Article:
The Northern Colorado Plateau Network monitors air quality, climate, land surface phenology, landbirds, landscape dynamics, springs and seeps, upland vegetation and soils, wadeable streams, and water quality at Arches National Park. The results of that monitoring provide park managers with scientific information for decisionmaking.
Before becoming a national park in 1971, Arches National Park was established as Arches National Monument by Presidential Proclamation on April 12, 1929, "to protect extraordinary examples of wind erosion in the form of gigantic arches, natural bridges, 'windows,' spires, balanced rocks and other unique wind-worn sandstone formations . . . because of their educational and scenic value." The park has the largest concentration of natural stone arches in the world.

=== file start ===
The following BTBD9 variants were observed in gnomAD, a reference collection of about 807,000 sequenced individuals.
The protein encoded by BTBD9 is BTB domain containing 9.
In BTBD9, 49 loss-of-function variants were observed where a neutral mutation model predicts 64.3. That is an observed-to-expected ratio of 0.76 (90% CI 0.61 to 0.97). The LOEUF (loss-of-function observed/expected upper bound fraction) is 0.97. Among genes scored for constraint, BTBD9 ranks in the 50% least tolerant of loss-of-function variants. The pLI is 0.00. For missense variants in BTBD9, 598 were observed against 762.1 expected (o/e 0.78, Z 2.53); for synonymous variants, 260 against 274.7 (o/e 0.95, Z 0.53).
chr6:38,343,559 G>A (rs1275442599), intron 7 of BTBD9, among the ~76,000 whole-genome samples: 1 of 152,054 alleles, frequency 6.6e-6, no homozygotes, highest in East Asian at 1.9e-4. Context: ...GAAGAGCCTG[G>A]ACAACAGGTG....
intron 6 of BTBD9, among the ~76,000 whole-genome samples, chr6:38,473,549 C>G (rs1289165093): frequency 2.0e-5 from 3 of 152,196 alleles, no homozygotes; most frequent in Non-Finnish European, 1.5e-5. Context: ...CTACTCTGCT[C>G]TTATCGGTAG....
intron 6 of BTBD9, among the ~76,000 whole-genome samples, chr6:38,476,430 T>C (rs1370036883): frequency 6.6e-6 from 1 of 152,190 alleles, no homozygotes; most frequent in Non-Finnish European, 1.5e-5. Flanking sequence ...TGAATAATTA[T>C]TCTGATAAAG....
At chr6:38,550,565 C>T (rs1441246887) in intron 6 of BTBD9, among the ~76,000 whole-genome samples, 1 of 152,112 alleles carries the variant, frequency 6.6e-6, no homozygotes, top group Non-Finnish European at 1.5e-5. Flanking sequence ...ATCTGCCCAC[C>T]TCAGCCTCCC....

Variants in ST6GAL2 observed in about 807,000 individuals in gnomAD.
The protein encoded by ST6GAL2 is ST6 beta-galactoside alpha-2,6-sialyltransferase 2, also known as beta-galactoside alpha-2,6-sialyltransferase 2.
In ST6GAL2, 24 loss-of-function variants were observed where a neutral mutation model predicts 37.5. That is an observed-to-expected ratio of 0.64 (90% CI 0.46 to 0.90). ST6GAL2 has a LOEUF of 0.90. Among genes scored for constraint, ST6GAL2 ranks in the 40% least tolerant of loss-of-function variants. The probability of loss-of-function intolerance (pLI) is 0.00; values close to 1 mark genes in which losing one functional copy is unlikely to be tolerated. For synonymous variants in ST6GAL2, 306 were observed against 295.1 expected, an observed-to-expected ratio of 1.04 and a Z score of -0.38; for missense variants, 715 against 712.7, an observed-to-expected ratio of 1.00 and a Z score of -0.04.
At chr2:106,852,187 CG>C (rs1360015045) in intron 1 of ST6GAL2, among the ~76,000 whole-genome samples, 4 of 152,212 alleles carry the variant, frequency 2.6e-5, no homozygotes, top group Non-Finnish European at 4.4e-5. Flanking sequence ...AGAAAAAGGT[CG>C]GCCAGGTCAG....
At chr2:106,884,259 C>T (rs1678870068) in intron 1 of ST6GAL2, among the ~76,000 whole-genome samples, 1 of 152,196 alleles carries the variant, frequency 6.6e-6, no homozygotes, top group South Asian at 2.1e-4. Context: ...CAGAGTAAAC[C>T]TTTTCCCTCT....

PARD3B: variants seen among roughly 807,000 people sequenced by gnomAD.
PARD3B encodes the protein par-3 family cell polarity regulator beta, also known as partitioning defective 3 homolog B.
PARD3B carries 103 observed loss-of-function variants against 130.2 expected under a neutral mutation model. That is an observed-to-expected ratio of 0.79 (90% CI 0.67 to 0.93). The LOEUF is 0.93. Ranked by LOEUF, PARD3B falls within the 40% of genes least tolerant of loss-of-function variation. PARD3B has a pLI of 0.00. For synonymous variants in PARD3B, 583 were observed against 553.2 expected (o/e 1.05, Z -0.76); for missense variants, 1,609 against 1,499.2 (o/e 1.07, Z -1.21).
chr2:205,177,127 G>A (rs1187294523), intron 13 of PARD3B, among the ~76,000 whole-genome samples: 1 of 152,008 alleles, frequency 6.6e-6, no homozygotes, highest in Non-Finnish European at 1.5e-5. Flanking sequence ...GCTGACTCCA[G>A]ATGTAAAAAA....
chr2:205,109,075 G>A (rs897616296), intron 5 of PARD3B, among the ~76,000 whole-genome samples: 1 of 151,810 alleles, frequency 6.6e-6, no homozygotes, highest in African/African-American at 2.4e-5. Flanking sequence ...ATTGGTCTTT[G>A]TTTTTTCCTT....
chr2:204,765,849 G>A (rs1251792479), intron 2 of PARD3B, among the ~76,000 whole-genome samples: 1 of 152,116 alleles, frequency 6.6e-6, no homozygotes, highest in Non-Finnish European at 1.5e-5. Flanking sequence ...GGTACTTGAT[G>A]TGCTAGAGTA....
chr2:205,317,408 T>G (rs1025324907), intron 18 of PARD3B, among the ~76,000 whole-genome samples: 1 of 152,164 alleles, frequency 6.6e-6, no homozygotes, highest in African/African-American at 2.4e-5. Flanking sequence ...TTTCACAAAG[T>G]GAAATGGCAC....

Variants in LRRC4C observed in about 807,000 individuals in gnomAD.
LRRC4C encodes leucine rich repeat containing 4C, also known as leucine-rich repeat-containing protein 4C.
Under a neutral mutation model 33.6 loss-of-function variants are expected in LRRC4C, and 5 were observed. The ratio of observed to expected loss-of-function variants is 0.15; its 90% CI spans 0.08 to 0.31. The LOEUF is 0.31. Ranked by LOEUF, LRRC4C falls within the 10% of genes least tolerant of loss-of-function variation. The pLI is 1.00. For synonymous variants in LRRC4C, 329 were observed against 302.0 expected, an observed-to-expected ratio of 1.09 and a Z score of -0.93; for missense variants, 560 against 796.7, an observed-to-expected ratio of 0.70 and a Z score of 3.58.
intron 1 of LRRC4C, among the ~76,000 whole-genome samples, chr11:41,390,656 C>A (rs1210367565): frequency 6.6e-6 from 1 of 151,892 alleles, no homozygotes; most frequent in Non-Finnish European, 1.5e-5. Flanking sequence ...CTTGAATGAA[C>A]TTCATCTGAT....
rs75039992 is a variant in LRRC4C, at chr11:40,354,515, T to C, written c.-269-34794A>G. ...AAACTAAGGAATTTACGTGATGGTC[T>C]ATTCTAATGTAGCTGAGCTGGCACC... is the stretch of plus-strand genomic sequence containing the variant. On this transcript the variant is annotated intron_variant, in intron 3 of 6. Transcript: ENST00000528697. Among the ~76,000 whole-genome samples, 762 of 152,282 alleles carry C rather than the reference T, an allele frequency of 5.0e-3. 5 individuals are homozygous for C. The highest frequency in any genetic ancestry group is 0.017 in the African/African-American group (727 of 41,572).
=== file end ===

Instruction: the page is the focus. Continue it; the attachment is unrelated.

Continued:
Elevation ranges from approximately 1,219 meters (4,000 feet) in the canyons to 1,585 meters (5,200 feet) on the rims. The climate is arid and characterized by hot, dry summers and cool to cold winters. Arches National Park is largely covered by exposed bedrock, weakly developed soils, and sand dunes. Desert shrublands are the park's most common vegetation type. Woodlands and sparse woodlands are also common and widely distributed. The park boundary is adjacent to the Colorado River for approximately 10 miles.
Increased recreational use, trespass livestock, and exotic plant species invasion are the park's main natural resource management concerns. On the other hand, ambient noise levels are the lowest in the country and the park's night-sky resources are outstanding.
Last updated: February 11, 2019